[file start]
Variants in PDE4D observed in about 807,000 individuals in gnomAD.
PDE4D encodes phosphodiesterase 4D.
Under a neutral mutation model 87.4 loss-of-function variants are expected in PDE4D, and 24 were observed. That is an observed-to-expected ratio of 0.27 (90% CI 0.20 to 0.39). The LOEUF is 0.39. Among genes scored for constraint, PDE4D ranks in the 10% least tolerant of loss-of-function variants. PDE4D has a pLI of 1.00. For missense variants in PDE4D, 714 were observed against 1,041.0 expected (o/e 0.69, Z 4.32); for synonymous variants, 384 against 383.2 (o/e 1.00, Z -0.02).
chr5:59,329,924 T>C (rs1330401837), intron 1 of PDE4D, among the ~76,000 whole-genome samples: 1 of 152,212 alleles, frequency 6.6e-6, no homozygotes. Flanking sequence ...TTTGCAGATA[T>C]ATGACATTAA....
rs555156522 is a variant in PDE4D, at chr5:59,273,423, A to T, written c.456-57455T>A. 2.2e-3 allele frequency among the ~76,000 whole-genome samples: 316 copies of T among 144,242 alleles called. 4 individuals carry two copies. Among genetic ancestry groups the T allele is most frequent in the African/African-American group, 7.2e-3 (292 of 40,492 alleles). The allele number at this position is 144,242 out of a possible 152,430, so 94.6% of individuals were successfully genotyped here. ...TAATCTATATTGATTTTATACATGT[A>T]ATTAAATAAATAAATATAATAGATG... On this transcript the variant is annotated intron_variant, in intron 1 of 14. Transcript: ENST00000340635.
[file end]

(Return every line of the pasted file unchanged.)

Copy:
Variants in PDE4D observed in about 807,000 individuals in gnomAD.
PDE4D encodes phosphodiesterase 4D.
Under a neutral mutation model 87.4 loss-of-function variants are expected in PDE4D, and 24 were observed. That is an observed-to-expected ratio of 0.27 (90% CI 0.20 to 0.39). The LOEUF is 0.39. Among genes scored for constraint, PDE4D ranks in the 10% least tolerant of loss-of-function variants. PDE4D has a pLI of 1.00. For missense variants in PDE4D, 714 were observed against 1,041.0 expected (o/e 0.69, Z 4.32); for synonymous variants, 384 against 383.2 (o/e 1.00, Z -0.02).
chr5:59,329,924 T>C (rs1330401837), intron 1 of PDE4D, among the ~76,000 whole-genome samples: 1 of 152,212 alleles, frequency 6.6e-6, no homozygotes. Flanking sequence ...TTTGCAGATA[T>C]ATGACATTAA....
rs555156522 is a variant in PDE4D, at chr5:59,273,423, A to T, written c.456-57455T>A. 2.2e-3 allele frequency among the ~76,000 whole-genome samples: 316 copies of T among 144,242 alleles called. 4 individuals carry two copies. Among genetic ancestry groups the T allele is most frequent in the African/African-American group, 7.2e-3 (292 of 40,492 alleles). The allele number at this position is 144,242 out of a possible 152,430, so 94.6% of individuals were successfully genotyped here. ...TAATCTATATTGATTTTATACATGT[A>T]ATTAAATAAATAAATATAATAGATG... On this transcript the variant is annotated intron_variant, in intron 1 of 14. Transcript: ENST00000340635.